January’s planned increase in fuel duty will harm small shops and should be scrapped, independents have told C-Store.
The government plans to increase fuel duty by 3p a litre in January, although Chancellor George Osborne is under great pressure - thanks to an e-petition signed by more than 110,000 people - to scrap it as part of his autumn statement on the economy later this month.
Retailers added their voice to the call this week, despite the fact that high fuel prices are often credited for fostering a ‘shop local’ mentality as people cut down on car use.
“Even though I’m convinced that trade in my store is up as a result of high fuel prices, I’m dead against any further rises,” Spar retailer Heather Stothard from Maltby, near Rotherham, told C-Store. “The less money people have in their pockets, the less they become willing to spend in store, and if prices keep on rising the fact that they’ve walked here won’t matter anymore.”
She added: “Sales will start to slow, but my costs will keep on rising as suppliers pass on the increases. My bin collections are already more expensive than they were last year as the company is passing on this summer’s diesel price rises. It’s starting to cripple us.”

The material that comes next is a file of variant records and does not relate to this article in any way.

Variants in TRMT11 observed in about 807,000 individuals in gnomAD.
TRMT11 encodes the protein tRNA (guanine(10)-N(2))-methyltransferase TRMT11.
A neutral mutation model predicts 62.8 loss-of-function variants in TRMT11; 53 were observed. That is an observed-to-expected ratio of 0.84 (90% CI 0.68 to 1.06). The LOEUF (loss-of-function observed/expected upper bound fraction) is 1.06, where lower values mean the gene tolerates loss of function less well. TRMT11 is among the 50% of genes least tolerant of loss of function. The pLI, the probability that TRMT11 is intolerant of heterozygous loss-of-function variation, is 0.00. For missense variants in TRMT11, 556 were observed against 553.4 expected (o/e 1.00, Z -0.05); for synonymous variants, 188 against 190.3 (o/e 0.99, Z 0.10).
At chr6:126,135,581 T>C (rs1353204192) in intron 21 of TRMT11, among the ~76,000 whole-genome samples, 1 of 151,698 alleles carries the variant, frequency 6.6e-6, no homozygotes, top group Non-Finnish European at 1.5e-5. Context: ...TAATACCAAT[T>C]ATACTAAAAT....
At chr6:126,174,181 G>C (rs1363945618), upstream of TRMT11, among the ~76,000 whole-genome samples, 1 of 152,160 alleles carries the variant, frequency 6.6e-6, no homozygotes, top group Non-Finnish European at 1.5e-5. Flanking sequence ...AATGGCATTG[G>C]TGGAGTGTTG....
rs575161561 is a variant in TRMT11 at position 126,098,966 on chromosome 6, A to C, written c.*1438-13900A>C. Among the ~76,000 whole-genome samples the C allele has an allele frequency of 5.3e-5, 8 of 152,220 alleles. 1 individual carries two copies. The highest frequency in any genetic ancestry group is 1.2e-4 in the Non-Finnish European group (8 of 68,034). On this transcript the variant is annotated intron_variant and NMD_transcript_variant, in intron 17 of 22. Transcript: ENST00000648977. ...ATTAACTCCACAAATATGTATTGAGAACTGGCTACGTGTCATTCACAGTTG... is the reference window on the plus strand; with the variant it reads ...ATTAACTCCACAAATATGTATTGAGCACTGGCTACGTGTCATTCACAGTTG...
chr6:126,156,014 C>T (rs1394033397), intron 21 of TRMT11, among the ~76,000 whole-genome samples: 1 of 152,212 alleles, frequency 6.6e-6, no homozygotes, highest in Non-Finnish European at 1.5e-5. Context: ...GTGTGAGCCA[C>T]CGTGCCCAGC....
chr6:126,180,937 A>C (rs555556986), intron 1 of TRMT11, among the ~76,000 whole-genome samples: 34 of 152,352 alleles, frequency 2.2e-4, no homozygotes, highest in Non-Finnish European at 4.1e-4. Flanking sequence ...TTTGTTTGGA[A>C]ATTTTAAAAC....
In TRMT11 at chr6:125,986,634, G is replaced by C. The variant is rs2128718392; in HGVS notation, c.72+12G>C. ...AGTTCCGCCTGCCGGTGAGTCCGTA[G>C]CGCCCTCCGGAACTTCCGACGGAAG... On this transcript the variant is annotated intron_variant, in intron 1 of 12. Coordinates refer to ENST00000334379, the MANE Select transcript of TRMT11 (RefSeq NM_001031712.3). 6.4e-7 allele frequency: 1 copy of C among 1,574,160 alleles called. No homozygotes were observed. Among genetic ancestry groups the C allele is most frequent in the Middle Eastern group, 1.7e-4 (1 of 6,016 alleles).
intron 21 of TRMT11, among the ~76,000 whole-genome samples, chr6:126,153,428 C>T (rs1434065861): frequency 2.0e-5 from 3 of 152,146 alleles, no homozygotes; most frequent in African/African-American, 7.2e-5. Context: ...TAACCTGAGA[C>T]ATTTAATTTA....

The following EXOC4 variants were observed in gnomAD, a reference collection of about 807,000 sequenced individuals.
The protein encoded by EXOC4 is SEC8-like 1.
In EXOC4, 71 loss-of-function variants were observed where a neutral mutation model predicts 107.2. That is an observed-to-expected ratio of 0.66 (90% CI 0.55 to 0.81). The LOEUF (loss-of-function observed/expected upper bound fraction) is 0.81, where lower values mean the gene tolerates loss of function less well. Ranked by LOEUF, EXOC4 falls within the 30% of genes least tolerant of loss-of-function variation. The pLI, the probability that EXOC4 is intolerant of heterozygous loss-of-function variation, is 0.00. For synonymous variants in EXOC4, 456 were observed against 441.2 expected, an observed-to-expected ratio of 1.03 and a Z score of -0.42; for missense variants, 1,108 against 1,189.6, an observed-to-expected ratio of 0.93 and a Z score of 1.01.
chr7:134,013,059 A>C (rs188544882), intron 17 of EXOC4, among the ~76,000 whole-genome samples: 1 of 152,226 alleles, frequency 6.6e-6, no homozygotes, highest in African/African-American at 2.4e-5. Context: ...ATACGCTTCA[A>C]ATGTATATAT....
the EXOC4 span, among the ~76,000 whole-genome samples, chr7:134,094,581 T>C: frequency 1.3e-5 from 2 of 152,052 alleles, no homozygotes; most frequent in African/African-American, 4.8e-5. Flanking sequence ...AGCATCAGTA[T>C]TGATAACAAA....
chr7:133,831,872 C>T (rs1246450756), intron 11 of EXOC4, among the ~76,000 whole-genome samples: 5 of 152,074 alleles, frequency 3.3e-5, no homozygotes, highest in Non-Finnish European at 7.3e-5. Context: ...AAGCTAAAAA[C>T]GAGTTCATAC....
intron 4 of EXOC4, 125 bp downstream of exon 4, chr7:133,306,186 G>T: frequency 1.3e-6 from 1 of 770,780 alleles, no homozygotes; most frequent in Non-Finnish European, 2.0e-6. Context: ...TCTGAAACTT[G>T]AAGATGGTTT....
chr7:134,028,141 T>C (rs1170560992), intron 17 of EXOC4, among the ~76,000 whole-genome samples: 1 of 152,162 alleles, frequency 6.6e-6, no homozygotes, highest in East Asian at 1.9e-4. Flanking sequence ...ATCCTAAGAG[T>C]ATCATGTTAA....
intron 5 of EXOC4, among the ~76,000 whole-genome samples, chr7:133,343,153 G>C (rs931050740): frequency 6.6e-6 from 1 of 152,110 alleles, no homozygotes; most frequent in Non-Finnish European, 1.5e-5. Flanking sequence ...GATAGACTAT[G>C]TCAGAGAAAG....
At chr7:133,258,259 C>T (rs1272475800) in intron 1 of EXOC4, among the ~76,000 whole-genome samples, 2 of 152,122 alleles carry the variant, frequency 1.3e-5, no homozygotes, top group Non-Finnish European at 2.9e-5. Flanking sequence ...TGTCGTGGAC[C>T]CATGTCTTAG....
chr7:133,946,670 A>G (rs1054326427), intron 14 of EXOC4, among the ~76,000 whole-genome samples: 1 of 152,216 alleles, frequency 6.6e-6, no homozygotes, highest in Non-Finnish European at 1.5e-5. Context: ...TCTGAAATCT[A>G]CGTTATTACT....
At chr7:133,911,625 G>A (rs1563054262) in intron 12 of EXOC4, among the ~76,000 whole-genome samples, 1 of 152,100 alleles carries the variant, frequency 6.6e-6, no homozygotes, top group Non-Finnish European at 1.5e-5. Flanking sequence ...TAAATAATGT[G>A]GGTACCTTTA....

Forecourt retailer Chris Woodruff of Darsham Service Station in rural Suffolk also called for the rise to be parked.
“I’m 100% against any further price hikes on fuel. As a forecourt retailer, first impressions are vital and if people see high fuel prices advertised outside they assume that everything inside the store is expensive and drive on by,” he said. “High fuel costs also make it difficult for staff to get to work as we are in a rural location.”
Osborne scrapped the annual fuel tax escalator - a mechanism under which duty rose by 1p above inflation every year - and cut fuel duty by 1p in March’s Budget. However, he had only postponed the planned inflation-linked part of the duty rise to January 2012.